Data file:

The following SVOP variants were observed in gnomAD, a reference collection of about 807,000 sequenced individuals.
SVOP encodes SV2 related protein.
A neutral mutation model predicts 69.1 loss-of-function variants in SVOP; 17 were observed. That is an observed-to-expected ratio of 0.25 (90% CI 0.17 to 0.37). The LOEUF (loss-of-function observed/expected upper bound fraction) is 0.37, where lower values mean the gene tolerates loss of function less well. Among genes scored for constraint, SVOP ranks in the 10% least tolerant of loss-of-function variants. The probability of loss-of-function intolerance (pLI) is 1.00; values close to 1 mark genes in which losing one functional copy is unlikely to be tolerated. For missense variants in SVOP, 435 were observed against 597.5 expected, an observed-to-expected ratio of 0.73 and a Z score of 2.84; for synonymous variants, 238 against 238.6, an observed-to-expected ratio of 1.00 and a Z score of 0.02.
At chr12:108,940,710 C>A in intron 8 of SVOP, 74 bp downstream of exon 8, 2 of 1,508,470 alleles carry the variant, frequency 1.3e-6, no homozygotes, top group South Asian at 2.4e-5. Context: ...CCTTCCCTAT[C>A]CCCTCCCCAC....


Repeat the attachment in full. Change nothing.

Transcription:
The following SVOP variants were observed in gnomAD, a reference collection of about 807,000 sequenced individuals.
SVOP encodes SV2 related protein.
A neutral mutation model predicts 69.1 loss-of-function variants in SVOP; 17 were observed. That is an observed-to-expected ratio of 0.25 (90% CI 0.17 to 0.37). The LOEUF (loss-of-function observed/expected upper bound fraction) is 0.37, where lower values mean the gene tolerates loss of function less well. Among genes scored for constraint, SVOP ranks in the 10% least tolerant of loss-of-function variants. The probability of loss-of-function intolerance (pLI) is 1.00; values close to 1 mark genes in which losing one functional copy is unlikely to be tolerated. For missense variants in SVOP, 435 were observed against 597.5 expected, an observed-to-expected ratio of 0.73 and a Z score of 2.84; for synonymous variants, 238 against 238.6, an observed-to-expected ratio of 1.00 and a Z score of 0.02.
At chr12:108,940,710 C>A in intron 8 of SVOP, 74 bp downstream of exon 8, 2 of 1,508,470 alleles carry the variant, frequency 1.3e-6, no homozygotes, top group South Asian at 2.4e-5. Context: ...CCTTCCCTAT[C>A]CCCTCCCCAC....